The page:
Nature and Interpretation of Types
Among all nations, especially in the earlier stages of their civilization, abstract thoughts and ideas have been represented by material symbols, either actions or objects. Such symbols have been especially common in their religion. Their worship of material objects in nature or of images began by their using them as symbols of the spiritual deity. So likewise their forms and means of worship, including sacrifices, were symbolic to a considerable degree. The religion of ancient Israel, as described in the Old Testament, contained much of this symbolic element; but these symbols differ from those of the ethnic religions in that they were divinely given and therefore were of a much higher order both in nature and in purpose.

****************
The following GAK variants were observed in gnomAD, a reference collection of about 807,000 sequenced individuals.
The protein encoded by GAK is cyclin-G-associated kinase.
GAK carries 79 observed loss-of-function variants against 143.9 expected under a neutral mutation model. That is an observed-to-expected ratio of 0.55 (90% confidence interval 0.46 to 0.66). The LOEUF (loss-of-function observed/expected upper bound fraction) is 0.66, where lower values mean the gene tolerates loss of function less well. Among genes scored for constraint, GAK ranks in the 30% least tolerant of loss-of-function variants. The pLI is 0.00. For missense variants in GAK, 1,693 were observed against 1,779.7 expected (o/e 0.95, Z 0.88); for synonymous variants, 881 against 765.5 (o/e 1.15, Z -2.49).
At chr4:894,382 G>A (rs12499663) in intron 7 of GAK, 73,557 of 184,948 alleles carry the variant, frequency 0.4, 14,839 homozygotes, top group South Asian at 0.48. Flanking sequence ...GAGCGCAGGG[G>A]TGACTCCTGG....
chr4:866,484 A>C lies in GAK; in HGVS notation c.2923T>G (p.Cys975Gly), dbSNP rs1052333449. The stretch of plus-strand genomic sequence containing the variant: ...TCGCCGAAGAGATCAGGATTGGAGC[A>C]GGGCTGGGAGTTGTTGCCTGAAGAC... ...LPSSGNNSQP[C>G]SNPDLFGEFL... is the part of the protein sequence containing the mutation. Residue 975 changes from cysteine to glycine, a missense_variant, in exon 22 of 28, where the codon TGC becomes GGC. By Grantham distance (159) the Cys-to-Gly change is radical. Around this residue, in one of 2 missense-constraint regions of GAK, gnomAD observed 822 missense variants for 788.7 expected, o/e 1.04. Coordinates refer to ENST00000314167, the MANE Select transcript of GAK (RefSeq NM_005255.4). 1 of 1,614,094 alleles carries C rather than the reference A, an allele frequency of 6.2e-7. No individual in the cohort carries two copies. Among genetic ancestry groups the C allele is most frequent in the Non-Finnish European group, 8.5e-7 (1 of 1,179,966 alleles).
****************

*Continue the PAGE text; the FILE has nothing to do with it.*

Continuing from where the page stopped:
Classes of Bible Symbols. —Clearness in thought requires that we distinguish between various classes of symbols and types. The Scriptures contain two main classes of symbols, ( 1 ) visional and ( 2 ) material. Visional symbols are such as never have had nor ever will have any real existence, but are merely presented to the mind of the seer, or are seen in vision by him. Many such symbols are described in various parts of the Bible, and such books as Daniel and Ezekiel, and especially the Apocalypse, are largely given to them.
Particular examples are the kine and ears of corn of Pharaoh’s dream, the four great beasts of Daniel 7, and the great red dragon of Revelation 12. Material symbols are as truly symbolic as are visional, and rest on the same basic principle as to their symbolic nature and interpretation. But these have a real material existence, and these, too, are divinely ordained as symbols. Examples of these are the tabernacle, the sacrifices, the Sabbath, and Melchisedec. They are found principally in the writings of Moses.